Held a long meeting over Microsoft Teams, and to be honest the telecom capabilities of Teams works very well. The end of the meeting was a set of presentations and we recorded them. This is where there is a very strange behavior.
The video was created. I can click on it, and view the video, but no way to save it. I don’t know if I am going to be able to access this site in the future. So I asked for a link to the video. I received this:
This is a link that can only be used by people who already have access to the video. In this case, this is the people who attended the meeting in teams. They already have access because such a link is placed in the chat stream for everyone. the only people who can use this link is people who already have it, so what purpose is there in giving it to me?
I have had this problem before. We have a meeting. A video is made. Then I talk to someone else who was not originally invited to the meeting (but probably should have been) and I want to send them the recording. They get the link, but can not access it. If I ADD them to the meeting, then the link works. It is not just that this extra effort, but really the problem is that I don’t know about the problem until they attempt and fail to access the recording. then they have to contact me again, and I need to add them. That extra overhead is a waste.
Access Reliability of Attachments
Consider the email attachment. You send a message, and with it is an attachment. Anyone who receives the email, can access the attachment. This is a nice behavior: you send something that you have some assurance that people will receive what you included in the message.
We would like people to use hyperlinks in email instead of attachments, because large attachments make large email and that clutters everyone’s inbox. Also, if the document changes, then you have to send the document again, while a link can be updated in place, and the recipient can download the latest version of the document at the time.
But people don’t use hyperlinks for a very good reason: you can never trust whether the recipient will be ABLE to access the document. It only takes a couple of times people calling back saying they can’t use the link before the bother forces one to use other ways of sharing documents. What we need is for links to have the access reliability of an attachment.
Settings in MS Teams
It appears that Microsoft SharePoint supports various protections on links. The link can work with (1) anyone, (2) only people in an organization, (3) only specific named users, and (4) only people with existing access.
These all seem like good ideas until you think about it. If you have a link, and send it to someone, when would you like it to be the case that it does not work? A link that does not work is a broken link. Even links which are enable only for some users is broken for everyone else. What this protection does is allow you to make broken links.
Protecting the User Against Themselves
What if the organization wants to protect the user from accidentally sharing a link too far? This is a fear held by people responsible for security, who fear that technology will allow uneducated users to make terrible mistakes. Like sending a link to everyone in the world.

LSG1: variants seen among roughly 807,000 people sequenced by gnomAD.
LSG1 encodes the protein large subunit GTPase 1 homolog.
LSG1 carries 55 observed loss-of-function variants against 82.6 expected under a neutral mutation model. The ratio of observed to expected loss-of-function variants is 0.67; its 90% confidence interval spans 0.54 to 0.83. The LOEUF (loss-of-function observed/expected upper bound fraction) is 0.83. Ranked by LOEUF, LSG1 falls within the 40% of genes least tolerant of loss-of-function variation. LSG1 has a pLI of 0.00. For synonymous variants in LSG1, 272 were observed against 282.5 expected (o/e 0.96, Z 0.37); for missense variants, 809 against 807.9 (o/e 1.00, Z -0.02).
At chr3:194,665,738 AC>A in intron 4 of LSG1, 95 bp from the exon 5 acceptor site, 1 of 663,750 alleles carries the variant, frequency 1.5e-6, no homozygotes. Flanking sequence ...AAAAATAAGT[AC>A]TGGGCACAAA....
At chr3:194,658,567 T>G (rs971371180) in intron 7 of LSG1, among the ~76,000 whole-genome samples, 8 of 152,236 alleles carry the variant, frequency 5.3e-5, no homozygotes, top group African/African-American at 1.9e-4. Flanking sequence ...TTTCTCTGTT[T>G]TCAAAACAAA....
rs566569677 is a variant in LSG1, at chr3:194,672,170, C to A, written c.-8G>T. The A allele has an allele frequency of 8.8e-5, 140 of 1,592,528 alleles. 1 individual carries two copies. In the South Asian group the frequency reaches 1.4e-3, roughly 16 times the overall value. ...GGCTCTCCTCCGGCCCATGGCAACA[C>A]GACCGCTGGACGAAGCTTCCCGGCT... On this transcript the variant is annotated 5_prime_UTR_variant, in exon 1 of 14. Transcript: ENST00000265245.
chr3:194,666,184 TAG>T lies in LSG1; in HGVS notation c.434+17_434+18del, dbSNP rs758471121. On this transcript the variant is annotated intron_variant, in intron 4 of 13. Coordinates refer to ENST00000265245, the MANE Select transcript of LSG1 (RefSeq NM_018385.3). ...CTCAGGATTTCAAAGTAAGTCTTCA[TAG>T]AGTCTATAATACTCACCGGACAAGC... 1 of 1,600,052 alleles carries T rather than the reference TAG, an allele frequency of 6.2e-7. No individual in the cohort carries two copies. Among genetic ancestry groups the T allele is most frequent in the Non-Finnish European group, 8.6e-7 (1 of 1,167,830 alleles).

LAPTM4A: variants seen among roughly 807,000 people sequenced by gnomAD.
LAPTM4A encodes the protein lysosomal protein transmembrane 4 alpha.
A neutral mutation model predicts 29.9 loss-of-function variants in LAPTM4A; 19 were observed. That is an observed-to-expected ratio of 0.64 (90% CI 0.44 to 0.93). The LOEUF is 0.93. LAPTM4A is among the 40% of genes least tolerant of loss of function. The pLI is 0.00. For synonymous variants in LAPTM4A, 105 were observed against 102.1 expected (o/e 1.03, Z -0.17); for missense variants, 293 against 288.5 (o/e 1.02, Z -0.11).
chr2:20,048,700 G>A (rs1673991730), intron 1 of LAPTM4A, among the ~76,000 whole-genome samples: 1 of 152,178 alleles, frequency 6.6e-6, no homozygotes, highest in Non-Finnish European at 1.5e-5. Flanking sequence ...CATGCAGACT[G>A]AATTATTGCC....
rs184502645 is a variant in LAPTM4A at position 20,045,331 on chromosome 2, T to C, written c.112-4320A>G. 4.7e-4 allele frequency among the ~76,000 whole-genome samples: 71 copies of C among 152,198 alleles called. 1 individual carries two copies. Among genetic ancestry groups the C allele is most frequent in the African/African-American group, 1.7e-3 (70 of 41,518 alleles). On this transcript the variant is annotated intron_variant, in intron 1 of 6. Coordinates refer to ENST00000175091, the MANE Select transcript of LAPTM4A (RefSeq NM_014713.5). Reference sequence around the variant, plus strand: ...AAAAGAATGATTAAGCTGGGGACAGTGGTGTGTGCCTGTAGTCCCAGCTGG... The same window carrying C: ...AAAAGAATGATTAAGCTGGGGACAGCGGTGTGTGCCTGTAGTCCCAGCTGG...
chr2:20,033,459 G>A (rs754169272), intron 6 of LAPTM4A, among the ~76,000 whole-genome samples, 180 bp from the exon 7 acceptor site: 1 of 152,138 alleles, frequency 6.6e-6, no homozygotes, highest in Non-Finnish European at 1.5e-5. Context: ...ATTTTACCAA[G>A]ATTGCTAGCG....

What about attachments? What prevents the sending of the content as an attachment? Nothing. Is that a big problem? It certainly happens that a document is sent as an attachment when it shouldn’t, but if it was a big problem then we would be scrambling to fix that.
It is reasonable to think that users will use hyperlinks in the same way they use attachments, only it is much more convenient.
Enabling Non-Broken Links
Sharepoint / MSTeams does in fact give a way to generate links that work everywhere, but it is hidden, and usually not available. First of all they hide the information from users as much as possible. I had to spend time on other information sites to even find out where the option was. Of course the option was not available to me, it had been disabled. In this case it was because I had not created the meeting or the recording. Remember, even though I ran the meeting, I asked someone else to start the recording, which supposedly gave them extra privilege. That sound reasonable until you realize that the person who starts the recording is not always the person who should control the final access. Those are not necessarily equivalent.
Even if I had created the video, the organization can disable broad sharing, and I suspect that this has been done for the site I was using. SharePoint always starts with default that are maximally locked down, because in general accidental sharing is viewed as more dangerous than accidentally preventing access. Just ask management if you need extra access, only I have no idea how to find people with the right qualifications: (1) they understand the capability I am asking for, and (2) they have the access themselves to do something about it.
Links are broken on purpose by MS Teams in the name of protecting the user. This additional complication make people avoid using links. This is why people still print documents and hand them paper, and why we still see people making a copy of a paper document. Paper works the way we expect: when I give paper to a person, they never fail to be able to see it. The extra complication around link sounds like it is making us safe, but in the end it just make people resort to simpler methods that don’t fail.
Slowly we are learning that the overblown protection is getting in the way more than it is helping. Sites are still hacked, and that is the main source of leakage of data. We need to make it easier for people to get links that work as well as paper does.